likelihood of earnings manipulation experience lower future earnings. In contrast, we find

that the market acts as if it expects these firms to have higher future earnings. Consistent

with earnings manipulation misleading investors, we show that, for firms with a high

probability of manipulation, investors overestimate return on assets by 490 to 690 basis

points. Second, we show that the probability of manipulation is a correlated omitted

variable for the earnings forecasting models used in prior research on accrual mispricing.

We document that including the probability of manipulation greatly attenuates the

mispricing of accrual persistence. Third, we document that trading strategies based on M-

Score rankings earn economically significant abnormal returns ranging from 20.1 percent

2 The former reflects not only the impact of deliberate earnings management, but also changes in firms’ economic performance, and the latter relies on accrual expectation models’ whose ability to disentangle the earnings management component in accruals from the performance component have been widely questioned (e.g., see McNichols (2000) and Beneish (2001) for reviews and evidence). 3 Specifically, Beneish (1997) shows that the M-Score correctly classifies 41 out of 64 firms charged with GAAP violation whereas aggregate accrual models identify between 15 and 19 of the 64 firms. Beneish also shows in holdout sample tests that a strategy that sells short (buys) firms classified as violators (non- violators) yields systematically higher returns for a classification based on the M-Score rather than based on accruals.

2

(size-adjusted) to 21.6 percent (Fama-French three-factor model). These hedge returns

are 45 and 480 basis points higher than their accrual ranking counterparts (19.6 and 16.8

percent).

We conduct several tests to (1) distinguish the M-Score from the accrual

strategy, 4 and (2) rule out omitted risk factors as an explanation for the evidence. 5

Specifically, we show that the hedge returns for neither the accrual nor the M-Score

rankings are simply manifestations of price-to-book, price-to-earnings, size, return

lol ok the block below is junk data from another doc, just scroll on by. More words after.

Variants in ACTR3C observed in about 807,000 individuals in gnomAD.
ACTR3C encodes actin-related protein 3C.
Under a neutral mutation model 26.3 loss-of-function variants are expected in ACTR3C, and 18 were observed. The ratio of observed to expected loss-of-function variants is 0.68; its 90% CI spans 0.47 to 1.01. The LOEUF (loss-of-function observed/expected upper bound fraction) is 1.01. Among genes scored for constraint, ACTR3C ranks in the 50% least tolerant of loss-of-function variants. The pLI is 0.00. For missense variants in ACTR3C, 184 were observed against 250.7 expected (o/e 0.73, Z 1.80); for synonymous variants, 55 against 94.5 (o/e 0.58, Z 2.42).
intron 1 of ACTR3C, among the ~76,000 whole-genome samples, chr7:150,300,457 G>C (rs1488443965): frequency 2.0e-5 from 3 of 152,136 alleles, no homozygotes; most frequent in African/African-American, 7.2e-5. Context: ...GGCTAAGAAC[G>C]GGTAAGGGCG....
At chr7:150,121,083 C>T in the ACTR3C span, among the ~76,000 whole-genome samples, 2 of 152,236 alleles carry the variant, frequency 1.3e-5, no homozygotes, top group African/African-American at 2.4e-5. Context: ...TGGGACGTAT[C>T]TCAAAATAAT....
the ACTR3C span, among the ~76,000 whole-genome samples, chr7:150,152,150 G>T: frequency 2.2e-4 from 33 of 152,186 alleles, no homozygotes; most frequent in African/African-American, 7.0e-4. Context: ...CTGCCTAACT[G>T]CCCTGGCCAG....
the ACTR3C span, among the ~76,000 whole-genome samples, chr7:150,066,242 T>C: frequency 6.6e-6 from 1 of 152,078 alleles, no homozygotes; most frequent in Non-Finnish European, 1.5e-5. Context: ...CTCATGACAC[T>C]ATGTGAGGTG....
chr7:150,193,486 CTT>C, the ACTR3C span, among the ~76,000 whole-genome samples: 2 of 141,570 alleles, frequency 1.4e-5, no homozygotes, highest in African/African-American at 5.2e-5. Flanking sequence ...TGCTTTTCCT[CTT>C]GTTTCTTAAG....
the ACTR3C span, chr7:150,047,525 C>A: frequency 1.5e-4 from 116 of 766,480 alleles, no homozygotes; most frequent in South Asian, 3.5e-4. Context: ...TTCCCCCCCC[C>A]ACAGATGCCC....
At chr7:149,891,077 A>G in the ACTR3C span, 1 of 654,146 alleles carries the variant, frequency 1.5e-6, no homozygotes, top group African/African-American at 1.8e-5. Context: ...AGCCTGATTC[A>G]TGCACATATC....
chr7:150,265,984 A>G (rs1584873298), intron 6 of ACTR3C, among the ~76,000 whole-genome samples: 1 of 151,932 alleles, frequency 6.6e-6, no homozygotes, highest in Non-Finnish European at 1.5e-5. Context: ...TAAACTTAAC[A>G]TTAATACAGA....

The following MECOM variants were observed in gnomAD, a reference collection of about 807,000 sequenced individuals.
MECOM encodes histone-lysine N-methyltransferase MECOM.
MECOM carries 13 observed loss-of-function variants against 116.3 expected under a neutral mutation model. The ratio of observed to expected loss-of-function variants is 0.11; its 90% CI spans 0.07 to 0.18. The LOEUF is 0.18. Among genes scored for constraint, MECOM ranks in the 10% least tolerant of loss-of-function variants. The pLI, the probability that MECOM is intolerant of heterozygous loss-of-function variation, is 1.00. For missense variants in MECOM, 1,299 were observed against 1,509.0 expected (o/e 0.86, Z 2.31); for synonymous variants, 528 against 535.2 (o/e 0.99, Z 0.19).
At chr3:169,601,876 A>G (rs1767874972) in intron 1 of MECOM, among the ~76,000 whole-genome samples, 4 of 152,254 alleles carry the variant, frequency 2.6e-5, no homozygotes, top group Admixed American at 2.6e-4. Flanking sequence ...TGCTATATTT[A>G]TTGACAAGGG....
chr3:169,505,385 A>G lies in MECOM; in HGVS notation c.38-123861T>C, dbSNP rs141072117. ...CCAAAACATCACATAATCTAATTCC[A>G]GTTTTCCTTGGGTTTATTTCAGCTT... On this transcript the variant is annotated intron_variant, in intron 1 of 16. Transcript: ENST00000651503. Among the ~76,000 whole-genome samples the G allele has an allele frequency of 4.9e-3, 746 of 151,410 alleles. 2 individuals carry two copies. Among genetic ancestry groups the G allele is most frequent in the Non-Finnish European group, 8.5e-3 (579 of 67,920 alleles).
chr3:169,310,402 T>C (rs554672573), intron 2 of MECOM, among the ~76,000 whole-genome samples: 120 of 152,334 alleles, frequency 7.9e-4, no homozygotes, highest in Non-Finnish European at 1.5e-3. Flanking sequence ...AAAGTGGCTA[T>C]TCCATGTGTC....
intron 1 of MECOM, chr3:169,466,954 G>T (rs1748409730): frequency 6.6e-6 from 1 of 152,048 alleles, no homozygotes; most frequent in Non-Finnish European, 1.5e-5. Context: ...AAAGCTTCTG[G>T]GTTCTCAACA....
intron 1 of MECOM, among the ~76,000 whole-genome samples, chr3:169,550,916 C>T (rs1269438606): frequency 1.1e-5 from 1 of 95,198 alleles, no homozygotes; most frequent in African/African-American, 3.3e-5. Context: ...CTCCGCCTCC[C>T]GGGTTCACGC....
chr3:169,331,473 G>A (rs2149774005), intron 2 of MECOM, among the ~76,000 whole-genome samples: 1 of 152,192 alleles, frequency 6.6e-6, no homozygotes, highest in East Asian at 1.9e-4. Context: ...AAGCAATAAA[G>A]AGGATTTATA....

momentum, cash flow from operations to price, or earnings surprise effects. When we

consider the accrual and M-Score strategies jointly, we find that the explanatory power of

accruals for future returns declines in the presence of the M-Score alone, and that the

explanatory power disappears in the presence of the M-Score and control variables. We

interpret these results as indicating that accrual mispricing arises because investors are

misled by managers’ opportunistic management of earnings.

Third, we consider whether augmenting the Fama-French three-factor model with

a fourth factor proxying for the premium required by investors to hold stocks with greater

uncertainty about accruals/earnings persistence accounts for the abnormal returns we

observe. 6 We find that the returns to the trading strategies remain economically

4 These two strategies have substantial overlap. First, fifty percent of the low M-Score decile firms also appear in the low accrual decile while 30 percent of the high M-Score decile firms appear in the high accrual decile. Second, both partitions reveal a pattern of increasing earnings and decreasing cash flows.

5 Although prior research (cf. fn 1) has been careful to address risk-based explanations, recent studies have suggested that the accrual anomaly is subsumed by risk explanations based on growth and cash-flow-from operations to price, and information risk in earnings (Francis et al. (2003), Desai et al. (2004), Khan

(2005)).

6 The expanded return generating model is motivated by recent research developments. Specifically, analytical studies by Easley et al. (2002) and Easley and O’Hara (2004) show that uncertainty about

valuation parameters can affect firms’ costs of capital and, that such information uncertainty may be a non-

diversifiable risk factor priced by investors.

appears in Francis et al. (2005) and Ecker et al. (2005) who show that a factor proxying for earnings quality explains variation in future stock returns incrementally to the three-factors proposed by Fama and French

(1992).

Empirically, evidence consistent with these predictions

3

significant when we use the expanded model proposed by Ecker et al. (2005). However,

we find that the long side of the hedge no longer yields a significant return, while the

returns to the short side of the hedge become larger in magnitude. Because short selling

strategies have high collateral transaction costs we conduct two additional analyses. We

show that limiting the trading strategy to either (1) firms with market capitalization

greater than $500 million, or (2) firms in which institutional investors take investment

positions, yields hedge returns that are similar to that of the whole sample. Indeed, we

show that institutional investors also appear to be misled by earnings management as, on

average, they increase their holdings independently of whether firms are in the high or

low manipulation decile.

We interpret our results that the predictive ability of accruals for returns is greatly

diminished in the presence of the M-Score as indicating that accrual mispricing arises